The Frustrations of Gifted Children

The frustrations gifted children struggle with become created both internally and externally. Internal frustrations are often due to the well documented extreme sensitivities which many gifted children experience.  Be it sounds , tastes, or the way things “feel”, such experiences are often mildly irritating to even impairing at times. Compare their experience to having to wear an extremely uncomfortable and poor fitting pair of shoes and one can gain a small idea of their sense of irritation.

Internal frustrations also evolve from the gifted child’s perfectionistic drives which are often without any type of rational assessment.  Even if the child simply lacks the physical maturation to complete a task as they perceive it must be completed, they continue to judge their performance in an unrealistic manner.  Complicating this is the child’s potential to project their own internal perfectionistic demands onto their parents and teachers. Now the child’s world becomes an unrealistic harsh and unforgiving environment where constant criticism is expected—moving an internal frustration into an external frustration resulting in the child becoming a victim along with other unpleasant interpersonal experiences.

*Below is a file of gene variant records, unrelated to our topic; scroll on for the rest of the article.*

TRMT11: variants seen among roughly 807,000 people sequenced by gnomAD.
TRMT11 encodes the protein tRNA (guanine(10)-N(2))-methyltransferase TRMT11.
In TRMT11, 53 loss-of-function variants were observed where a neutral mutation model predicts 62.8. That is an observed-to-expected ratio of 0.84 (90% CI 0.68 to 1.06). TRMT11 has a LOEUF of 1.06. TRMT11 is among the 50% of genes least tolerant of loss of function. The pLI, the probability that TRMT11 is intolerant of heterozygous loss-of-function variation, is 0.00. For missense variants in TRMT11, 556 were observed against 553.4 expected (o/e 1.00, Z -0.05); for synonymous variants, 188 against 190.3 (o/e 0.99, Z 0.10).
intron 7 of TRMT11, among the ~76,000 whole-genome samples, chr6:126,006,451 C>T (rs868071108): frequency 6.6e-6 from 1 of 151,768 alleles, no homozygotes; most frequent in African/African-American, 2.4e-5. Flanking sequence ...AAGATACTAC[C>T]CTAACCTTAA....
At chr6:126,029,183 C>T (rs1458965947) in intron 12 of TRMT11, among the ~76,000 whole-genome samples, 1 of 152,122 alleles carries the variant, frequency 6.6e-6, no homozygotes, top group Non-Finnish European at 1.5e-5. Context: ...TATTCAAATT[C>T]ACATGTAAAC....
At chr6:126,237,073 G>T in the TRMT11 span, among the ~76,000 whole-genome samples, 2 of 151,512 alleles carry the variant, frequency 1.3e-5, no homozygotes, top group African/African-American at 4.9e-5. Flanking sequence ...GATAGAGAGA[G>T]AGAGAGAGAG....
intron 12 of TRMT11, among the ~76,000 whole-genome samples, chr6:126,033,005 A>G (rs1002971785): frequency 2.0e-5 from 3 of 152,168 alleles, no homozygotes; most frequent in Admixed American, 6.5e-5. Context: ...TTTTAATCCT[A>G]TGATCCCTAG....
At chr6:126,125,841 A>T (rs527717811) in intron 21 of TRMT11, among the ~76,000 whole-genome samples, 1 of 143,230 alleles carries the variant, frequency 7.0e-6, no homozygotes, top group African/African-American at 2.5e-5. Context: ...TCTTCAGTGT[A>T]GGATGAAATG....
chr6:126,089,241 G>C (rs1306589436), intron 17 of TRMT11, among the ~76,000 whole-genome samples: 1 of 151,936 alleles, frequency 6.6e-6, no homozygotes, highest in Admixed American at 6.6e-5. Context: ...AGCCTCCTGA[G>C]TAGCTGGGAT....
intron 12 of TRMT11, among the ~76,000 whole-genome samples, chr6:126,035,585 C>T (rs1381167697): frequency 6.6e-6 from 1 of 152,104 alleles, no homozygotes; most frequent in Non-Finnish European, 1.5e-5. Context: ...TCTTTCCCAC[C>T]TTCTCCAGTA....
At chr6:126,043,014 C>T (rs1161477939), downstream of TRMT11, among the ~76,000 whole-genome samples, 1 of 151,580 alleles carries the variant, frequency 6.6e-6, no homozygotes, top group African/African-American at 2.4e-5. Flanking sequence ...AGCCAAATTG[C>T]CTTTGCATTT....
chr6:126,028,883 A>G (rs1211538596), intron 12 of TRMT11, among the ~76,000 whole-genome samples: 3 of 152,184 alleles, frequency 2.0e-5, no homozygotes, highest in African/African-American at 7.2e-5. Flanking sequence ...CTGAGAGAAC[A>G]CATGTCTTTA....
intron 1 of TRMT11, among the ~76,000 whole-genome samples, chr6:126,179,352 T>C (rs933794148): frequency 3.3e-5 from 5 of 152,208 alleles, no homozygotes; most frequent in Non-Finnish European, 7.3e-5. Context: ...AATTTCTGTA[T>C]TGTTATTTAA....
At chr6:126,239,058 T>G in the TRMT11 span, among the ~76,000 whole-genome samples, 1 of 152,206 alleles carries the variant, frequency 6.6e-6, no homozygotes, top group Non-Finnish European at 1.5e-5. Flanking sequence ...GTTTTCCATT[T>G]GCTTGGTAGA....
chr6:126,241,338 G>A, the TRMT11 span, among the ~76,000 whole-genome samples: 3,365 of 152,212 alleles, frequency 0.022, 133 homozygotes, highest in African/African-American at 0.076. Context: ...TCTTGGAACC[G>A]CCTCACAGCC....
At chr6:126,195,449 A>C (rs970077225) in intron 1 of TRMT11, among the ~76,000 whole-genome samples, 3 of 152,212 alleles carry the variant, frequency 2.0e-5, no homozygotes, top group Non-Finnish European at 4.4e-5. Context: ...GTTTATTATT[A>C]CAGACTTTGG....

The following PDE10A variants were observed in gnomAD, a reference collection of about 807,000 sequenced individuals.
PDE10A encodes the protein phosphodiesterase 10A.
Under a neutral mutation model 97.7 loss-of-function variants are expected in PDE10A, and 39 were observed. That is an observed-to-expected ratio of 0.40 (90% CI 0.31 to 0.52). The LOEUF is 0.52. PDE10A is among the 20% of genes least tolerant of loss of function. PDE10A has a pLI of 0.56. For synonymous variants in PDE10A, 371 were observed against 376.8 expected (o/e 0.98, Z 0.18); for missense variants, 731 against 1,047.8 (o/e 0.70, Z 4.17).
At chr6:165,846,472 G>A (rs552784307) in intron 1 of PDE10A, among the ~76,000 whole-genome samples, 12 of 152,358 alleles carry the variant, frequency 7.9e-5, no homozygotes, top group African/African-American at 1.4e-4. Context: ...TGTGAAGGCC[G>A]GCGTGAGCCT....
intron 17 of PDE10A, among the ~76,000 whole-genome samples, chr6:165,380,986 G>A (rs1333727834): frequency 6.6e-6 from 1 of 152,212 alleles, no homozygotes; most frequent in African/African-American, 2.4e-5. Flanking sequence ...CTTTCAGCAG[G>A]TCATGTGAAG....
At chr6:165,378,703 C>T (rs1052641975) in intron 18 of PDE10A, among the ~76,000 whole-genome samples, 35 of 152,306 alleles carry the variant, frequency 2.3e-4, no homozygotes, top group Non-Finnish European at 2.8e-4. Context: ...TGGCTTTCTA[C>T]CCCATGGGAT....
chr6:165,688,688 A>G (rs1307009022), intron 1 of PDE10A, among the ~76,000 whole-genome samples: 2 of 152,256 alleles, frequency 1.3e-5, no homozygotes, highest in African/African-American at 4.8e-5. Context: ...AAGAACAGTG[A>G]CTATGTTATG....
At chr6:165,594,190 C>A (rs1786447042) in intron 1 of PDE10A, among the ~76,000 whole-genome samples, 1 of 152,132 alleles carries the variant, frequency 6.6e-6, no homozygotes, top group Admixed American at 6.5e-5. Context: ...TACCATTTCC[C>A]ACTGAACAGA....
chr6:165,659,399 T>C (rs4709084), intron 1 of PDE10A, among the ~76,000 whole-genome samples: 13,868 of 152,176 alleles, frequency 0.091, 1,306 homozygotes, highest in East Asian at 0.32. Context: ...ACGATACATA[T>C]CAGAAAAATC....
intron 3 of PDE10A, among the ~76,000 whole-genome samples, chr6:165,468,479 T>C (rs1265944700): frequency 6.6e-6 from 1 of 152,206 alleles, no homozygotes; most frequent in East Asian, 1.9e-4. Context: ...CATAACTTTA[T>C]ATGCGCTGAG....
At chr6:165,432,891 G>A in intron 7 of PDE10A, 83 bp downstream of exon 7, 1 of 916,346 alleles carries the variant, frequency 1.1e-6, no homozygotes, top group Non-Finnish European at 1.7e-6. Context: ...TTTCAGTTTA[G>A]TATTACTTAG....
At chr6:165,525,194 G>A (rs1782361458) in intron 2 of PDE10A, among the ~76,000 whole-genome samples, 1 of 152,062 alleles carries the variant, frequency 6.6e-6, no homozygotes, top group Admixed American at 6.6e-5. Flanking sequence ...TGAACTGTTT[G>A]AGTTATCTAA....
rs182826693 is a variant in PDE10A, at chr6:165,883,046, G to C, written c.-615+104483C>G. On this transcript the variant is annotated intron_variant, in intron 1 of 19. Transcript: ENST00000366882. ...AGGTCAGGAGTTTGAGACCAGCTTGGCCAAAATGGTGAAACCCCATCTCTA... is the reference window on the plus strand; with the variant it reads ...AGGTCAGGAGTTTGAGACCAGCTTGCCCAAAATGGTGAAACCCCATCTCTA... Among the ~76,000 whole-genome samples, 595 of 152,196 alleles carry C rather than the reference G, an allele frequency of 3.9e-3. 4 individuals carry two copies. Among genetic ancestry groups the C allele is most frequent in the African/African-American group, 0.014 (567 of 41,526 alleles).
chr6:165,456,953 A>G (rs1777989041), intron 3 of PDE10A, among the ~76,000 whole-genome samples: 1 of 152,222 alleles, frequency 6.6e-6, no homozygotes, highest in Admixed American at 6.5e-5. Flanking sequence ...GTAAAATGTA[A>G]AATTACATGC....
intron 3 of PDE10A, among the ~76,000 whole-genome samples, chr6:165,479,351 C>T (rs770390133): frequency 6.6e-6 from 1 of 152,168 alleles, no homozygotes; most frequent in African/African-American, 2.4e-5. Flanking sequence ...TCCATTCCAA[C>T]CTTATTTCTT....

External frustrations also emerge from low interest, repetitive school work that holds no intellectual interest or challenge which may lead to an underachieving gifted child or even worse—a behavior problem.  Other external frustrations include a sense of not “fitting in” with one’s peers resulting in a sense of aloneness along with being forced into activities which hold no interest for them but perhaps because apparent believes that by doing so their child will “fit in”

Parents can help by understanding the basis of their child’s frustrations and responding in ways to decrease their severity. Helping the child learn how to place things in a rational perspective (parents too!) can help tremendously—think of a scale of 1-10.  1 means whatever the situation is, it holds little to no importance.  A 10 means the ambulance has to come! (Many gifted children only view the world in extremes-teach the “shades of grey”.  Finally, how parents manage their own frustrations serves as the most important model for their children.